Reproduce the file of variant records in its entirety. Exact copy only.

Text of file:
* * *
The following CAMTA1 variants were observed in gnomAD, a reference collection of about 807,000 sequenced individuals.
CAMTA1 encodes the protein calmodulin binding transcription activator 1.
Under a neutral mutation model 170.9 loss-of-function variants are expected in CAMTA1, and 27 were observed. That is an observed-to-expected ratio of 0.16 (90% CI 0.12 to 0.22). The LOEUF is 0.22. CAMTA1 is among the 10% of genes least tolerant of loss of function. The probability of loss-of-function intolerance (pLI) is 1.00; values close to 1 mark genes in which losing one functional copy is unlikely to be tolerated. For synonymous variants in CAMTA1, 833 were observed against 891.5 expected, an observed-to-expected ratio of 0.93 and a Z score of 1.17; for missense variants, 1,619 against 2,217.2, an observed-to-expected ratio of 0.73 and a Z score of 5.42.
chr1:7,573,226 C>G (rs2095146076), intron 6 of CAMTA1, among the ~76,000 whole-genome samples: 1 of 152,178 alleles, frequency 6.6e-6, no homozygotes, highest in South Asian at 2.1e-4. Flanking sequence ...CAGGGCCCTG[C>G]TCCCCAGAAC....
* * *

The following CAMTA1 variants were observed in gnomAD, a reference collection of about 807,000 sequenced individuals.
CAMTA1 encodes the protein calmodulin binding transcription activator 1.
Under a neutral mutation model 170.9 loss-of-function variants are expected in CAMTA1, and 27 were observed. That is an observed-to-expected ratio of 0.16 (90% CI 0.12 to 0.22). The LOEUF is 0.22. CAMTA1 is among the 10% of genes least tolerant of loss of function. The probability of loss-of-function intolerance (pLI) is 1.00; values close to 1 mark genes in which losing one functional copy is unlikely to be tolerated. For synonymous variants in CAMTA1, 833 were observed against 891.5 expected, an observed-to-expected ratio of 0.93 and a Z score of 1.17; for missense variants, 1,619 against 2,217.2, an observed-to-expected ratio of 0.73 and a Z score of 5.42.
chr1:7,573,226 C>G (rs2095146076), intron 6 of CAMTA1, among the ~76,000 whole-genome samples: 1 of 152,178 alleles, frequency 6.6e-6, no homozygotes, highest in South Asian at 2.1e-4. Flanking sequence ...CAGGGCCCTG[C>G]TCCCCAGAAC....